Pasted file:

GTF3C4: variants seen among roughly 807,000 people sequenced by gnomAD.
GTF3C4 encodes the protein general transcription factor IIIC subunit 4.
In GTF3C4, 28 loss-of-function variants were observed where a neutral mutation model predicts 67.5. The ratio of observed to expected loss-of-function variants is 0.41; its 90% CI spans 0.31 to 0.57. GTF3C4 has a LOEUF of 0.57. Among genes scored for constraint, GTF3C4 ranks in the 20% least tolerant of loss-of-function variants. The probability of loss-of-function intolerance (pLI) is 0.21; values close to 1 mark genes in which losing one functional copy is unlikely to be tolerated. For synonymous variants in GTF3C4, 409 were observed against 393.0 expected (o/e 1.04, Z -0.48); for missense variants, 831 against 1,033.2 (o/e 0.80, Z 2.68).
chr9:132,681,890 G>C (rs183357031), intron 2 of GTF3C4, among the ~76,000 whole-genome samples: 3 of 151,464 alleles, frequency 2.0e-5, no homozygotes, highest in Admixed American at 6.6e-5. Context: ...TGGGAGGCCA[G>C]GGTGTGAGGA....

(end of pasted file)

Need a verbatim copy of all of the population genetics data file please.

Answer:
GTF3C4: variants seen among roughly 807,000 people sequenced by gnomAD.
GTF3C4 encodes the protein general transcription factor IIIC subunit 4.
In GTF3C4, 28 loss-of-function variants were observed where a neutral mutation model predicts 67.5. The ratio of observed to expected loss-of-function variants is 0.41; its 90% CI spans 0.31 to 0.57. GTF3C4 has a LOEUF of 0.57. Among genes scored for constraint, GTF3C4 ranks in the 20% least tolerant of loss-of-function variants. The probability of loss-of-function intolerance (pLI) is 0.21; values close to 1 mark genes in which losing one functional copy is unlikely to be tolerated. For synonymous variants in GTF3C4, 409 were observed against 393.0 expected (o/e 1.04, Z -0.48); for missense variants, 831 against 1,033.2 (o/e 0.80, Z 2.68).
chr9:132,681,890 G>C (rs183357031), intron 2 of GTF3C4, among the ~76,000 whole-genome samples: 3 of 151,464 alleles, frequency 2.0e-5, no homozygotes, highest in Admixed American at 6.6e-5. Context: ...TGGGAGGCCA[G>C]GGTGTGAGGA....